Where Oil Prices Meet Central Bank Policy

Oil field site, in the evening, oil pumps are running, The oil pump and the beautiful sunset reflected in the water


By Bob Iaccino

At a glance

  • The extension of oil production cuts by Saudi Arabia and Russia through December helped push Brent and WTI crude markets higher.
  • U.S. crude oil production hit a record 13.2 million barrels per day in early October, passing levels not seen since pre-pandemic.

Regardless of your view on an energy transition, escaping this economic reality is impossible: We are going to be fueled by crude oil for the foreseeable future. That may change someday, but not today.

The ebbs and flows in crude oil pricing significantly impact global economies. Rising crude oil prices have recently been gently nudging headline inflation rates higher and compelling central banks worldwide to reexamine their policies.

crude oil price

In September, Saudi Arabia and Russia agreed to extend their 1.3 million barrels per day production cuts through December. Some analysts believe this will result in a market deficit of more than 1.5 million barrels per day in the fourth quarter of 2023.

While OPEC+ decided to review their decision monthly, the extension helped to power both Brent and WTI crude markets higher, which complicates things for the U.S. Federal Reserve and other global central banks.

These institutions are concerned that a sustained rise in the price of crude oil could derail some of the progress they’ve made on inflation. Energy prices are a nuanced part of inflation that central banks cannot directly control.


So, what are some of those nuances, and how do they send ripples across economies, affecting inflation and central bank policies?

Understanding the correlation between crude oil prices and inflation starts with understanding that crude oil is quite literally a fuel of the global economic engine.

The price of oil can influence the cost of energy, transportation and production, subsequently affecting the prices of goods and services. This interconnectedness means that a surge in oil prices inevitably contributes to inflation, although to what level is a source of debate amongst strategists, economists, and their various models.

What is not a source of debate, however, is a meaningful jump in the price of crude oil may necessitate adjustments in monetary policies by central banks.

Crude oil’s impact on inflation comes from two primary sources.

Cost-Push Inflation:

Rising crude oil prices are a textbook precursor to cost-push inflation. Many analysts are quick to point out that the percentage of a consumer’s total budget spent on energy (including at the gas pump) is only in the range of 3% to 6%.

But this isn’t the only place where oil might affect the consumer budget. Higher oil prices escalate production costs, increasing prices for goods and services, thus stoking consumer inflation.

Industries heavily reliant on oil, such as transportation and manufacturing, particularly feel the pinch, transferring the additional costs to consumers.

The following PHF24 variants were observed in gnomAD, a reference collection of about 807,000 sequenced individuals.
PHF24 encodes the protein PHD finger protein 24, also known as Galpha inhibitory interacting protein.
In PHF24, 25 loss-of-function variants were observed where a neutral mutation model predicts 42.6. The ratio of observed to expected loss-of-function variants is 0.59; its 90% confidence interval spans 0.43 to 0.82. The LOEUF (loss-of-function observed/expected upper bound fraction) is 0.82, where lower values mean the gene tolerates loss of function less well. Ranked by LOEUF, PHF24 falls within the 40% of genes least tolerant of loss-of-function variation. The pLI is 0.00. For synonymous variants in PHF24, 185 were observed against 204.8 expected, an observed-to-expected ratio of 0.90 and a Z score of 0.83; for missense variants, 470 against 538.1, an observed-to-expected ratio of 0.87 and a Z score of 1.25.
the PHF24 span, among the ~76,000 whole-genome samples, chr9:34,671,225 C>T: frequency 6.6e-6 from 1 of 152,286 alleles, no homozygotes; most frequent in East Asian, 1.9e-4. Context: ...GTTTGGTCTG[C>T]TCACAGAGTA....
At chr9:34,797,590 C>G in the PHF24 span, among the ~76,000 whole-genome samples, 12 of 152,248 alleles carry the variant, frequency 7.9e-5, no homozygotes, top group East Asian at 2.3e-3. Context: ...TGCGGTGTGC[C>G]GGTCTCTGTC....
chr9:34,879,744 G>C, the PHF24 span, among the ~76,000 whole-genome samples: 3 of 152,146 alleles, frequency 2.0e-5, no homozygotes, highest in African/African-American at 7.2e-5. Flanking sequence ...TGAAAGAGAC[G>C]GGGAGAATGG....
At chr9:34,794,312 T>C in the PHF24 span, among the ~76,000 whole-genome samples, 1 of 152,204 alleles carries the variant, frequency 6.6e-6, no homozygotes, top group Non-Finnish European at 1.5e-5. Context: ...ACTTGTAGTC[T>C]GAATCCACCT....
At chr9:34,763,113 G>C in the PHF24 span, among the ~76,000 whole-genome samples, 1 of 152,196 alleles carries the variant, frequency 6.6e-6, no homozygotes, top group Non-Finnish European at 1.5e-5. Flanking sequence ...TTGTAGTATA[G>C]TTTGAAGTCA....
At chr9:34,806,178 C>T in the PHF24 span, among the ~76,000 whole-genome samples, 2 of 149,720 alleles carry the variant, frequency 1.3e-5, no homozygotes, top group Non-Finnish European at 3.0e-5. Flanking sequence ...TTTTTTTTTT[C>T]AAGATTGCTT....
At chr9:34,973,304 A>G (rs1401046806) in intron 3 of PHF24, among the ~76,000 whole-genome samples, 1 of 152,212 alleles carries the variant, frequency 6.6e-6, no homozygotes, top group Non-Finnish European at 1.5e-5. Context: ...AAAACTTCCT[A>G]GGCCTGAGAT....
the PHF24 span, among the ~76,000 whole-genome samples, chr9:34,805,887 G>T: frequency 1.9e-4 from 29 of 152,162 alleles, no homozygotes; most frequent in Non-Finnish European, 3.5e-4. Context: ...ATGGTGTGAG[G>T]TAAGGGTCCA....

Demand-Pull Inflation:

Consumers are also susceptible to demand-pull inflation. A simple example would be that as the cost to manufacture and transport a new refrigerator starts driving the price of refrigerators higher, consumers decide to rush out and buy one now before the price increases even more.

But it’s not just consumers. When oil-producing countries experience a windfall due to elevated oil prices, their increased purchasing power can fuel additional demand-pull inflation on a global basis.

This rise in sum-total demand, outpacing supply, exerts upward pressure on prices, contributing further to inflation, and the circle continues.

This inflationary impact can generate a global central bank response, especially when combined with current and persistently high inflation.

Central banks may try to adjust through higher rates, which can hurt small businesses and consumers who may rely to a certain extent on short-term loans for necessary spending.

They could also be much more aggressive on reducing their balance sheet, which reduces money supply and slows growth.

Higher crude oil prices can also work to slow an economy when combined with higher rates. Higher gasoline prices for consumers may result in reduced disposable income for households, potentially dampening consumer spending on other goods and services.

It may also increase reliance on short-term loans, such as credit cards and home equity lines of credit, loans which now may be set at higher rates than they were in the recent past.

Since consumer spending accounts for a significant portion of economic activity, a decline in this can affect corporate revenues and stock prices.

There is some hope in this cycle, however, as OPEC’s crude oil production climbed in August by an average of 113,000 barrels per day, according to the group’s latest monthly oil market report. The production boost was primarily led by Iran and Nigeria, both exempt from production quotas.

Also, crude oil production in the United States surpassed 13 million barrels a day during the first week of October, which is higher than it’s been since March 2020. This record production is coming just as we enter the slowest seasonal demand for crude oil.

If other oil-producing nations pick up the slack, and demand doesn’t spike beyond expectations, central banks may dodge a bullet directly at the progress they’ve made so far on inflation.

cumulative weekly old price decomposition

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Editor’s Note: The summary bullets for this article were chosen by Seeking Alpha editors.

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